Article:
Seven Ways Millennials Can Make the Next Sales Call Better Than Their Last 

brandon grosssqby Brandon Gross

In today’s saturated world of copier sales, it’s more important than ever that millennial copier sales reps are able to differentiate themselves. For reps entering this industry, the pressure to obtain extensive product knowledge is fierce. Speeds and feeds and knowing them better than your competition is what previous generations of reps hung their hats on for years. However, this will not serve in your best interest. The ability to stand out as someone your clients can relate to and trust, to be a true consultant when it comes to their imaging solutions, is paramount. The up-and-coming group of “millennial” sales reps in our industry are in a special position to learn from the old and bring in the new to position themselves and their dealerships with a clear, competitive advantage.

Easily make your next appointment more successful with these seven tried and true techniques. These may, in theory, seem very obvious – but all too often the basics get overlooked and reps refer to old habits. Don’t be “that copier rep!”

1. Listen.

No really … listen. When you can successfully stop yourself from talking more than you listen, you’ve already made a great impression. When you can show you’ve listened by applying product knowledge that ‘s applicable to what your prospect has expressed as a need, you’re in! The simple science of human behavior tells us that people enjoy talking about themselves – so cut your sales pitch in half and spend more time listening to your customers talk.

2. Ask questions

When you ask the right questions, listening (see #1) becomes much more natural and much more advantageous. Whether it’s simply finding common ground in order to build rapport or digging down deep to get to the real pain points your customers are experiencing, the practice of asking questions cannot be overstated. It’s a process you can direct and own. Oh, and keep them open ended — a “yes” or “no” answer disrupts the flow of your conversation.

3. Dress for Success

Yeah, I know, you may scoff at this one, but the reality of the situation is that perception is reality. And perception is often based off of first impressions. Rolling out of bed and throwing on a wrinkled polo and khakis and/or sloppy dress versus arriving in a modern fitting suit (loose fitting clothes are out) can mean the difference in a sale and a “thanks, but no thanks, bye now.”

4. Observe Your Environment

Put your best private detective skills to the test – picking up on subtle clues around an office during a visit can yield many opportunities to understand your customers and their business better. For example, if you see an office that actively promotes environmental sustainability with recycle bins or eco-friendly building design elements you can surmise that solutions with environmental reporting features would be something that they would want to be introduced to. And of course, common interests that lead to icebreakers and help build rapport don’t hurt either.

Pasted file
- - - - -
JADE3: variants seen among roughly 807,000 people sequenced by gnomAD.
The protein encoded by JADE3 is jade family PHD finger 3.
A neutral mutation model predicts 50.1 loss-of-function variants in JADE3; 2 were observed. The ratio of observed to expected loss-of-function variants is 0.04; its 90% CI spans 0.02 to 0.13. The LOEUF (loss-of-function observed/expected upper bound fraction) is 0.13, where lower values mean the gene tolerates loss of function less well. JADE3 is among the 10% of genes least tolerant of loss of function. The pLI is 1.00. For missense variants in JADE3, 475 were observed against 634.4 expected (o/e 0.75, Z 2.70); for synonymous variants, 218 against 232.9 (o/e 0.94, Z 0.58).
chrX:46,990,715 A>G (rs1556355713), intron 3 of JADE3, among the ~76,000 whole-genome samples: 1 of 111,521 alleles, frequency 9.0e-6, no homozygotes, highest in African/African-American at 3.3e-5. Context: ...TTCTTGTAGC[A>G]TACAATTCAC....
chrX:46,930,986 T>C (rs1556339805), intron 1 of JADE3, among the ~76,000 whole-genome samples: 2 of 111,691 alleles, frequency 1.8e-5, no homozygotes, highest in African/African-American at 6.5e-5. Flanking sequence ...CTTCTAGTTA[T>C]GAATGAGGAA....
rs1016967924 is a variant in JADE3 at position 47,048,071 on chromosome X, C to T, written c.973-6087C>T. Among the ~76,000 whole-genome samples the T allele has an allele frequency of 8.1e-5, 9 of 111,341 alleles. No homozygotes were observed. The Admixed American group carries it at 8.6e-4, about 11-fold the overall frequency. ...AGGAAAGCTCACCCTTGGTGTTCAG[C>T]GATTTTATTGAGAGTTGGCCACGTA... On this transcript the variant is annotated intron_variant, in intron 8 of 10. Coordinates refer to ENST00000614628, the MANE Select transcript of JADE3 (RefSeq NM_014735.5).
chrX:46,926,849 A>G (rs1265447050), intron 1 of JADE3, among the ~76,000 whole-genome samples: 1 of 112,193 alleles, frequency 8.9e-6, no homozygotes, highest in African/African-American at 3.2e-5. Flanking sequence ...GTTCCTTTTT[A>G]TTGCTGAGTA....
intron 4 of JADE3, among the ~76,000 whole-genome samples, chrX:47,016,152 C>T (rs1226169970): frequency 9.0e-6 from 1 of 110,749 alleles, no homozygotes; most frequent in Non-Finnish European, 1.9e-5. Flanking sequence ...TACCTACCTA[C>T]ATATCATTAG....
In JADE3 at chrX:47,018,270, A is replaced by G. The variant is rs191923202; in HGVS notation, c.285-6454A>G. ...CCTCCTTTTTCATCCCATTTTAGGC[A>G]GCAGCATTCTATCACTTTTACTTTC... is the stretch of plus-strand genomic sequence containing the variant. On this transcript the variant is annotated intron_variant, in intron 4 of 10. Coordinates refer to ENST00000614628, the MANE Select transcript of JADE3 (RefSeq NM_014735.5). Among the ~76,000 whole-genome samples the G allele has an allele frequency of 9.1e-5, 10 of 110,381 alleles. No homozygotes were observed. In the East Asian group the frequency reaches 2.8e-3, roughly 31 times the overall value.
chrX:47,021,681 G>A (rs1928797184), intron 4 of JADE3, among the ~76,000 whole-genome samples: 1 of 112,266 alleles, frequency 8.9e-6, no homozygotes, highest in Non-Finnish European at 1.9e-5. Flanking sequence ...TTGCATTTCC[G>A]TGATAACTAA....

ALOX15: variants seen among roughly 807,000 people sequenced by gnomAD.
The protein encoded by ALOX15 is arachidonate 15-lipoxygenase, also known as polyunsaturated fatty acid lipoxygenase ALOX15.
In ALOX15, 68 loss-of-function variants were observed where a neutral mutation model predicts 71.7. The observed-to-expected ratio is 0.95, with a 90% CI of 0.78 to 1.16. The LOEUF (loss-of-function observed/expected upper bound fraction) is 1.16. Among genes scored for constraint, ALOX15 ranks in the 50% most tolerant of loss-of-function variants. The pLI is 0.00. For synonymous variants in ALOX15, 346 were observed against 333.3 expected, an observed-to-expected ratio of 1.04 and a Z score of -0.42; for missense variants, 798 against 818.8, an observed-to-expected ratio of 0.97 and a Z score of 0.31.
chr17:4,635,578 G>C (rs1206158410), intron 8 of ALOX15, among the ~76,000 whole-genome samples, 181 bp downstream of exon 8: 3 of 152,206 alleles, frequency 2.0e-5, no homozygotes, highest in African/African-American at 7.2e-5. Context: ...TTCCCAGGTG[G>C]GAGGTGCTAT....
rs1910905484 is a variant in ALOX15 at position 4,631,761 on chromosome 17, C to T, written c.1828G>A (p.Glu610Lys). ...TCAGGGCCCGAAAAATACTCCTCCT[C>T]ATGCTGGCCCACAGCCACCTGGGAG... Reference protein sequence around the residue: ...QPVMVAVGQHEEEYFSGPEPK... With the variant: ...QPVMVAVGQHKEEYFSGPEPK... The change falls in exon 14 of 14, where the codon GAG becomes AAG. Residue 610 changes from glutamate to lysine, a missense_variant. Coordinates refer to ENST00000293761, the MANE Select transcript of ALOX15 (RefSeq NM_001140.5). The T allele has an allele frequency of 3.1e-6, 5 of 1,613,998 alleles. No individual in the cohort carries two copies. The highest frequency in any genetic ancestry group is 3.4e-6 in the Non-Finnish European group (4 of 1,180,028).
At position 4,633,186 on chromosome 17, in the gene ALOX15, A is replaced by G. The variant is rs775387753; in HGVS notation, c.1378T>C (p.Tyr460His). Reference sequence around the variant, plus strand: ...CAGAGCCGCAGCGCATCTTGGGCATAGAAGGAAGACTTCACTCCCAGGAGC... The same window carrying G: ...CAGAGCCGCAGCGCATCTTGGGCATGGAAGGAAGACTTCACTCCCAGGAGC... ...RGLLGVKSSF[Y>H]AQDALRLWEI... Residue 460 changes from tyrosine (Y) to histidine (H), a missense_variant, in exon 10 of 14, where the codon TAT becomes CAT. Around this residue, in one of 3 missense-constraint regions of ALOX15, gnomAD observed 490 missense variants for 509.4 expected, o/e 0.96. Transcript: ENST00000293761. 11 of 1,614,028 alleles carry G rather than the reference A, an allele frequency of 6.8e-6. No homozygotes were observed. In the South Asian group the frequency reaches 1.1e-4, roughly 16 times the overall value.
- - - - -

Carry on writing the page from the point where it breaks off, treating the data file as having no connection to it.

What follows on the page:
5. Flex Your Millennial Muscle

Use your familiarity and experience with technology (I’m talking software, not just snazzy new features on a copier) to your advantage. Not being intimidated by highly technical software or customer problems that will involve their IT department will always work in your favor. Offering your help and your expertise where technology is concerned will be viewed as a value-added benefit of working with you. Old school work ethic plus new school technology equals success, plain and simple.

6. Solutions, Solutions, Solutions

Solutions solve problems. Hardware is a means to an end . . . do you see where I’m going with this? Skip the features, the speeds, and the feeds and opt for solutions in every single scenario. Act as a consultant, where your job is to help determine the customers pain points (expose these by the way, make that pain point excruciating) and come up with a solution to their problem. We are here to sell solutions, not solely machines.

7. Ask Yourself These Questions

What do you want to be to your customers? What reputation do you want among your peers and management? What is your goal? It’s not uncommon for reps to get caught in a fast paced environment in which they’re being pulled in five directions at once. If you don’t yet have the answers to the questions above, or better yet a clearly defined path to accomplish your goals, then you’ll quickly find yourself spinning your wheels. In other words, you’ll be staying busy if for no reason other than to hopefully make a quota and keep management off your back. You’ll feel the pain, and so will your customers.